This might be a strange topic given that the release of SharePoint 2010 is just around the corner, but I wanted to respond to a couple of questions and debates I have been involved with in my temporary role in the partner team.
I would like to start by going back to the early days of Microsoft BI, analysis services (and OLAP services before it) were just getting established but there was no analysis services client from Microsoft to give users full access to the cubes in analysis services. There were two third party contenders out there Panorama NovaView and ProClarity. These were both web clients and as they evolved they both developed portals form which reports and content could be accessed and changed. They also had security baked into them on top of what was in analysis services itself. ProClarity was acquired by Microsoft and the descendants visualisations in that tool (such as the decomposition tree) are now in SharePoint 2010 enterprise.
Panorama continues to be a Microsoft partner and is a good choice for business who just want a web client to get at their analysis services cubes, or even to get more functionality out of PowerPivot. They also continue to have their own portal or can integrate with SharePoint as desired. There also another 40+ products form partners out there which also provide web access to cubes, and here is a good a list as I’ve found of them
The other key Microsoft BI offering is reporting services which either has its own portal complete with security (Report Manager) or can be integrated into SharePoint.
So you don’t have to use SharePoint to provide Microsoft based BI to your users, but I would submit you are going to need some sort of portal, even if this is just a set of web pages where users can see content they are allowed to see and add more content to it (again subject to security).
However if you want to provide access to reporting and analytics to your users then SharePoint or a similar dedicated portal would be a better option as you can then provide a single point of entry and a single security mechanism to control access to BI.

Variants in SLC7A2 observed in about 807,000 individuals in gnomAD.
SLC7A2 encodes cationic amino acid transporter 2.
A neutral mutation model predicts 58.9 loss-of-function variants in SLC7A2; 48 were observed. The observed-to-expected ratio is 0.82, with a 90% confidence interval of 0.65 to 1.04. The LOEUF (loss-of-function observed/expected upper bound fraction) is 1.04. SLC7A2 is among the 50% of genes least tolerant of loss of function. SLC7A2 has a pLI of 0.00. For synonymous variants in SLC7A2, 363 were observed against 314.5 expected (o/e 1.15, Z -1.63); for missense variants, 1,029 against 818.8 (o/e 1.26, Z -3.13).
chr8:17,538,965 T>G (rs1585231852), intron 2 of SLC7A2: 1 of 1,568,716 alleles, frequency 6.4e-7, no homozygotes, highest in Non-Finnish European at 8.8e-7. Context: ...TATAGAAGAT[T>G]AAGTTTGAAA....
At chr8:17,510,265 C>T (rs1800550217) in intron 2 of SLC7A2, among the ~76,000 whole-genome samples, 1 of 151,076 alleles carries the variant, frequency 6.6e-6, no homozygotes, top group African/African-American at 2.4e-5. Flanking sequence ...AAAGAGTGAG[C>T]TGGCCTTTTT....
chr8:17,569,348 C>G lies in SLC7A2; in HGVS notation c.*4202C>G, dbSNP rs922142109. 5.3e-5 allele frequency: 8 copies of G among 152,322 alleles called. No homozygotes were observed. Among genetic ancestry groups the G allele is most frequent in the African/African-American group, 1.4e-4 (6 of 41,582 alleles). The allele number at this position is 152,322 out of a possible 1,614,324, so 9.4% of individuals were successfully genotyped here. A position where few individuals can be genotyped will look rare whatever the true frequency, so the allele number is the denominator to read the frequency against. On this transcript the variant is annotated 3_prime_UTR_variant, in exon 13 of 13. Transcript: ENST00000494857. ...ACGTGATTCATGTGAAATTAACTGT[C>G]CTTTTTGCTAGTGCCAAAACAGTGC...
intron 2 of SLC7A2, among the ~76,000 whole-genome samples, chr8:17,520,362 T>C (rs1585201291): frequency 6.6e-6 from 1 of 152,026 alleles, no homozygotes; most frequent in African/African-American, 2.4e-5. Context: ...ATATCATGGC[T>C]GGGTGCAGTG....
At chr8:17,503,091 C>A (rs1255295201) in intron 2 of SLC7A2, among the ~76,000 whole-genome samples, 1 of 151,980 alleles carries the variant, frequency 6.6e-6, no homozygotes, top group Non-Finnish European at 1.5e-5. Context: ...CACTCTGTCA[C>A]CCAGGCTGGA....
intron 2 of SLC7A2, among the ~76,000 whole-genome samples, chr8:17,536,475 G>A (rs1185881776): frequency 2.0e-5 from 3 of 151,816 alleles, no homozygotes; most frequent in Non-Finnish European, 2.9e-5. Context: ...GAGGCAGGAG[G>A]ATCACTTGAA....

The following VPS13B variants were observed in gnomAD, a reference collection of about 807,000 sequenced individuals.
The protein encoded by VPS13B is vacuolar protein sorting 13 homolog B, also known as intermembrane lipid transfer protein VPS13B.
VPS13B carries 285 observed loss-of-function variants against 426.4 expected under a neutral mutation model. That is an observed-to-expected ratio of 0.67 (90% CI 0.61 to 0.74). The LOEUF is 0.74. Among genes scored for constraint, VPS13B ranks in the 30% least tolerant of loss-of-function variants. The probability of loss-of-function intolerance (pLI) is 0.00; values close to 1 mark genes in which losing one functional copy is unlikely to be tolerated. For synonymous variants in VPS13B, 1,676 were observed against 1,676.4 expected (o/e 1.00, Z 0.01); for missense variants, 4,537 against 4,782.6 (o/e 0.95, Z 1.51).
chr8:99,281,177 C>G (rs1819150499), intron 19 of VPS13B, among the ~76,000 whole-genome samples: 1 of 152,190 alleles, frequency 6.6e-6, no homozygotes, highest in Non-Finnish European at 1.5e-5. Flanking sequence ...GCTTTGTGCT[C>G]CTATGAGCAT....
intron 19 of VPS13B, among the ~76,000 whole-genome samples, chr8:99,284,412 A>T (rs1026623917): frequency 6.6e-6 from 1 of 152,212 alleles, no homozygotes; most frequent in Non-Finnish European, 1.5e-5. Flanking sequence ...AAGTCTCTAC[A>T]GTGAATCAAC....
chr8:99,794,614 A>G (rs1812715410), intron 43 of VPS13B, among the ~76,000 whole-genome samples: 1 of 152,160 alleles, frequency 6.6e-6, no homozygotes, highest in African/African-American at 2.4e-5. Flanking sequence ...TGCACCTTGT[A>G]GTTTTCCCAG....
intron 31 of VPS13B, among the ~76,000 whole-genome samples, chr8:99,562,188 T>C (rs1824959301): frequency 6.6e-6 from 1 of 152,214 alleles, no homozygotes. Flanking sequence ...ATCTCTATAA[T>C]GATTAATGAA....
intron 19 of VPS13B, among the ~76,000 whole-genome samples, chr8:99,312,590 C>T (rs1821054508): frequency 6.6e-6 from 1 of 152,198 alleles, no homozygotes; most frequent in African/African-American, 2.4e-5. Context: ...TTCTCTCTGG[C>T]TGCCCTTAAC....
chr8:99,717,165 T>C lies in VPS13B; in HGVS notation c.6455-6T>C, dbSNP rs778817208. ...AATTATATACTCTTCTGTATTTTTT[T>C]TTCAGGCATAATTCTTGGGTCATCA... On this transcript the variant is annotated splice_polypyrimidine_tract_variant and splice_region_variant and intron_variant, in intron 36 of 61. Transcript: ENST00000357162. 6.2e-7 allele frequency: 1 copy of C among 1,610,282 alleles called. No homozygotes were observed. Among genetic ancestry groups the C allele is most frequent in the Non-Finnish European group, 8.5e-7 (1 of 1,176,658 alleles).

On the question of cost you could just use SharePoint Foundation (the successor to Windows SharePoint Services), and SQL Server Standard edition, this would give you reporting services integration, and the other key parts of the Microsoft BI stack (analysis services and integration services). However you won’t get the performance point monitoring and analytics (which is in SharePoint enterprise) so the money you save by doing this must be off set against the need to buy a third party tool (like those I have listed above) to replace this functionality. You might not actually save any money and the solution could be more complex, but it might be exactly what your users need. This is a good thing, both for business and for Microsoft:
What I would suggest is to at least have a look at SharePoint 2010 as it’s scarily easy to set up and use even for this old DBA.
Thanks for sharing this insight and info. I was not aware of Sharepoint Foundation, and came to learn about it from this article. I intend to soon blog about it :)
good article. I think it's important to remember that many people are still using WSS 3.0 and SQL 2005. For those folks, the decision to 'go SharePoint' feels like a strategic thing which requires much evaluation.
The approach you describe can be pitched as a no-cost 'proof of concept'. Further, when combined with the new Dundas widgets in SSRS 2008 can be a real eye-opener to people used to bulky report listings.
It just requires a bit of initiative.
Cheers, Donna Kelly
What about Excel for accessing the Cube, this does not 'need' Sharepoint.
and most of my users have it on thier desktop and 'know' how to use it.
Of course you are right Excel is a very good cube browser. However what I should have made clearer in this post was that I was looking at web based tools, whihc is why I didn't mention it.
apologies for the confusion,